When I approached council with the idea of restarting efforts to complete a lake-to-lake bike route with my colleague Trisha Kaplan in January 2018, our goal was to have a linear route that was safe for all-ages and abilities, and connected with key amenities.
We still feel this way, and this is why we are advocating for the Martin Street option – a two-way protected cycle track on only one side of the road. This route is the most central of the options, while preserving car parking on one side of Martin.
In my advocacy work on behalf of the Penticton and Area Cycling Association I have been relaying the message to our decision makers that we are a long way behind other cities in implementing all-ages and abilities cycling facilities. The positive side of being so far behind the curve is that there is significant data available that shows the impact when bike lanes are added to a downtown.
In terms of the effects of possible economic impacts of bike lanes being added to streets, these studies are numerous, and all reach virtually the same conclusion: Replacing a curb parking lane with a bike lane has little impact on local businesses, and there is some evidence to show that they can increase business.
A study in Portland, Ore., by the Oregon Transportation Research and Education Consortium showed that while drivers spend more than cyclists on a per-trip basis, cyclists make more trips and spend more than drivers over the course of a month. The study also found that cyclists take more trips in a month to restaurants, convenience stores and drinking establishments than drivers.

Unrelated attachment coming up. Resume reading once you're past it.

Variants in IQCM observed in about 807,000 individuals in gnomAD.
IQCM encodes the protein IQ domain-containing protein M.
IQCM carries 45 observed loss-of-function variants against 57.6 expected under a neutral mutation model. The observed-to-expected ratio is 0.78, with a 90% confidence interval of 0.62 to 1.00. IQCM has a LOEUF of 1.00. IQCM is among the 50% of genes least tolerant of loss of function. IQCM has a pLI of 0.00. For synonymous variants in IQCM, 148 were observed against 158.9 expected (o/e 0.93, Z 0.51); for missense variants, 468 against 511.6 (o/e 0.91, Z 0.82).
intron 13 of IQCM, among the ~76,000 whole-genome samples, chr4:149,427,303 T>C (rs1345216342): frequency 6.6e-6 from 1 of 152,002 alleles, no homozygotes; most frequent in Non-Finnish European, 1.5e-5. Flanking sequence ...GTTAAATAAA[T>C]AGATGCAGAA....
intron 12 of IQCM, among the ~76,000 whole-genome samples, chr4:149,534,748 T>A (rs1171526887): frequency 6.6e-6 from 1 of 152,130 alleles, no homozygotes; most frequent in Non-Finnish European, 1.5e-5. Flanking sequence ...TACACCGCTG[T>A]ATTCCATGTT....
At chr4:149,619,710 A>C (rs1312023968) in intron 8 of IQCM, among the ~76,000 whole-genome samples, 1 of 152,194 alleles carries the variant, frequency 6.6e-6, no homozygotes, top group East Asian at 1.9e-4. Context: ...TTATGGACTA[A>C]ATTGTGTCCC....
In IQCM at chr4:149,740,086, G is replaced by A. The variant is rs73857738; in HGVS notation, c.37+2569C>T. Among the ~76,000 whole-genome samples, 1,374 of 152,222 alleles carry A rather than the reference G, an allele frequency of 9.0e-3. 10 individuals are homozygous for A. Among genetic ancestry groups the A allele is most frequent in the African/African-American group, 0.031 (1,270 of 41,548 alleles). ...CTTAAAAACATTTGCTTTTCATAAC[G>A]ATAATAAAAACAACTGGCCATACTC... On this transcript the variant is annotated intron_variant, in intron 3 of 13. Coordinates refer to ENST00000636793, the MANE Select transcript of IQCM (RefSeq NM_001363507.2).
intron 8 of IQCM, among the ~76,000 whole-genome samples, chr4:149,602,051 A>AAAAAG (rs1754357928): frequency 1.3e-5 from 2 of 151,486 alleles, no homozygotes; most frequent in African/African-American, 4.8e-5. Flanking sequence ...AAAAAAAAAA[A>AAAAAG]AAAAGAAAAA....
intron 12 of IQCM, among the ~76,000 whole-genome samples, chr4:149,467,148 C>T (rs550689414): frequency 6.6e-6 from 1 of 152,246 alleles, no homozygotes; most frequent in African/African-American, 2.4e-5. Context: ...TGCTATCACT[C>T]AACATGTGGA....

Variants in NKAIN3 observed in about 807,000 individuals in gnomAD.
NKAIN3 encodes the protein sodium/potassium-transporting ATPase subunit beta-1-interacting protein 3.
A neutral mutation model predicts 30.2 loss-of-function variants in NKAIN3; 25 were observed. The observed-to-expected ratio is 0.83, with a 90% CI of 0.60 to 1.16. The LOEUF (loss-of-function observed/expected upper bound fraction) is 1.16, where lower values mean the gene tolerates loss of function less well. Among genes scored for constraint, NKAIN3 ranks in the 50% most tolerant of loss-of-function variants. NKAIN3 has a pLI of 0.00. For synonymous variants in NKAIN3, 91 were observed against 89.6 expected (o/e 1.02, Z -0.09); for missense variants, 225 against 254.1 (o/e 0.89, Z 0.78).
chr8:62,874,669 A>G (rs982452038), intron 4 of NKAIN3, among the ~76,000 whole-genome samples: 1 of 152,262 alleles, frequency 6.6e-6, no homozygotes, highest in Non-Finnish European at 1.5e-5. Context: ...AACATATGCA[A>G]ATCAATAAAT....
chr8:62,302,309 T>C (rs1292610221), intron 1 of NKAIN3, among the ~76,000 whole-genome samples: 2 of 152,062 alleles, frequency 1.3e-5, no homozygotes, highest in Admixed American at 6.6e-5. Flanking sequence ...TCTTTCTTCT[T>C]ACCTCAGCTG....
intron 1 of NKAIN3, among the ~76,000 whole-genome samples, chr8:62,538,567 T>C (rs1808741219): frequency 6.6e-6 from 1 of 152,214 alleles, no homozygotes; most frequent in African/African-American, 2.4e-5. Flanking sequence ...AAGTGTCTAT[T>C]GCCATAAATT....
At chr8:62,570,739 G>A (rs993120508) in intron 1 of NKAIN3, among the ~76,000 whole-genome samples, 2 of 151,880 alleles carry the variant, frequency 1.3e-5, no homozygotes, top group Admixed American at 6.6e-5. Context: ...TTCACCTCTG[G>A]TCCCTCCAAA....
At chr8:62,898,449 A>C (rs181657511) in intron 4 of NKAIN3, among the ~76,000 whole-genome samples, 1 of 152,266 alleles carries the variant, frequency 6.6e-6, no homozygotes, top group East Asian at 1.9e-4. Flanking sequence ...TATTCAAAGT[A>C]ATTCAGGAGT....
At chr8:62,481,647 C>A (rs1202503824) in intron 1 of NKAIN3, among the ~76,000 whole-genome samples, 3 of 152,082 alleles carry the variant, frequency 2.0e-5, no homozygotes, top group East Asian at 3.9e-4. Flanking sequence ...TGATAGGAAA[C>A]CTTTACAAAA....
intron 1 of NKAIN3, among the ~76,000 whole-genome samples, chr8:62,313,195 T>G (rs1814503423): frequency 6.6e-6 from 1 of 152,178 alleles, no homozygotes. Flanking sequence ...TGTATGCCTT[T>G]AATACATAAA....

In Vancouver one of the most vocal business-oriented proponents of safe cycling facilities is the president and CEO of the Downtown Vancouver Business Improvement Association, Charles Gauthier.
In a 2017 interview Gauthier said, “More people than ever before are walking or cycling to stores, restaurants and cafes, and that’s helping move people move efficiently through the city, creating a vibrant local economy, as well as attracting talent and innovation.”
He went on to say, “Having the option to take multiple modes of transportation enhances the desirability of downtown as a place to live, work, and do business; it makes us much more competitive and provides us with an advantage that other employment centres don’t necessarily have.”
One reason we approached the Downtown Penticton Association when we were in the early stages of our urban bike advocacy in Penticton is we admire greatly the events they operate downtown. In particular, their large-scale public-facing events that close the streets to cars and open them to people. We believe this is what truly creates vibrancy and a great sense of place.
The best weekly event we have in Penticton is the Saturday Market. Why is this event great? Well there are many reasons, but one that I think is understated is that the priority shifts from cars to people.
There are street closures for many blocks, and cars fill up all the adjacent streets. Instead of worrying about parking, Main Street is dedicated to people. We say hello to our neighbours and friends, converse with local merchants, and boast to all our visitors about how great of a place Penticton is. This event wouldn’t be great if the parking on Main was preserved.
With Martin Street’s current set-up as a multi-lane one-way road, the built environment is set up to get cars through as quick as possible. We believe that the addition of one bike lane will enhance Martin Street as more than a place to drive through, but a great place to be.
Matt Hopkins is a board member of the Penticton & Area Cycling Association and co-founder of the Penticton Bike Valet